That clichéd lottery TV report

Mac King brings you another one of those clichéd lottery TV reports.

A lottery story must open with the sound of a small printer dispensing a losing ticket before introducing the viewer to someone about whom they don't really care and then forcing that stranger to invent an outlet for the hundreds of millions they almost certainly won't win.

"Buy a house, marry, have a lot of kids," one recent ticket-buyer told Fox 5 Thursday night.

"And a Lamborghini," another hopeful said. "I got to go to the dealer. I got to get me a yellow [one] and [also] a black one for my boy."

If that answer fails to satisfy us -- and it always fails to satisfy us -- we might tell you how many of a random inanimate object the winner could buy with her prize money (here on the news, computing the cost of hundreds of millions of cups of coffee is one of our favorite calculations come lottery time).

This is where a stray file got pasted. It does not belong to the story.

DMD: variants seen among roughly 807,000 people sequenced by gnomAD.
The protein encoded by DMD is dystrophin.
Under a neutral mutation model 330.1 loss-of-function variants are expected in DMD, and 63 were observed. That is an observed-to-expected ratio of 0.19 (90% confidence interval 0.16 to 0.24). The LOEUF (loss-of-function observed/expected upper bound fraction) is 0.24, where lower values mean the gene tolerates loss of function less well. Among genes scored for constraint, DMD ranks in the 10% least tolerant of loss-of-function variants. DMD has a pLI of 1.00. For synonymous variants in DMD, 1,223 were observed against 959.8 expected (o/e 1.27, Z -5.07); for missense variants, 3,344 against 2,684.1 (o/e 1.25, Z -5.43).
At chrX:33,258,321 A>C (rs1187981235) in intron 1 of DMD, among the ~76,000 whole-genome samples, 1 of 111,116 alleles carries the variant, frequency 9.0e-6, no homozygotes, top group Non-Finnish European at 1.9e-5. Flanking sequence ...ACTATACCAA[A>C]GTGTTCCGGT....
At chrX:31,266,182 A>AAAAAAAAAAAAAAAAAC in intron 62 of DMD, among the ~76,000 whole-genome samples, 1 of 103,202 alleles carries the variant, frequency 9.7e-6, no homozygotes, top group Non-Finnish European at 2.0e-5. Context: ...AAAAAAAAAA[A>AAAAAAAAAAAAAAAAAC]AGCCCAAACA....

At this point in our report we must remind everyone of odds we'll describe as "long," "impossible," and "slim." We'll compare the player's chances of winning to fun things like lightning strikes and shark attacks. And then stress with a tone that says "but hey, ..." this money's up for grabs. You don't buy a ticket, your odds of winning are zero. You don't play, you can't win. You're not in it, you can't win it.

A reporter holding up a lottery ticket he purchased with his own money to show you even he -- intrepid, cautious and skeptical -- chose to play some numbers communicates just how crazy lottery fever has become.

Running out of things to say, we'll eat up time by breaking down the lump-sum versus annuity options and asking still more strangers how they picked their numbers.

"I got five kids," one Upper East Side player said Thursday, "so I picked every one of their birthdays and then my wife's birthday for the Powerball number."

We'll refer to the winning combination as "magic," the winner as "hitting it big" and then conclude with a barrage of idioms pertaining to luck: in strokes, of the draw and tried, out, into and good. To win the largest jackpot in the history of American lottery you're going to need it -- a lot more than anything you'll learn from a story like this one.

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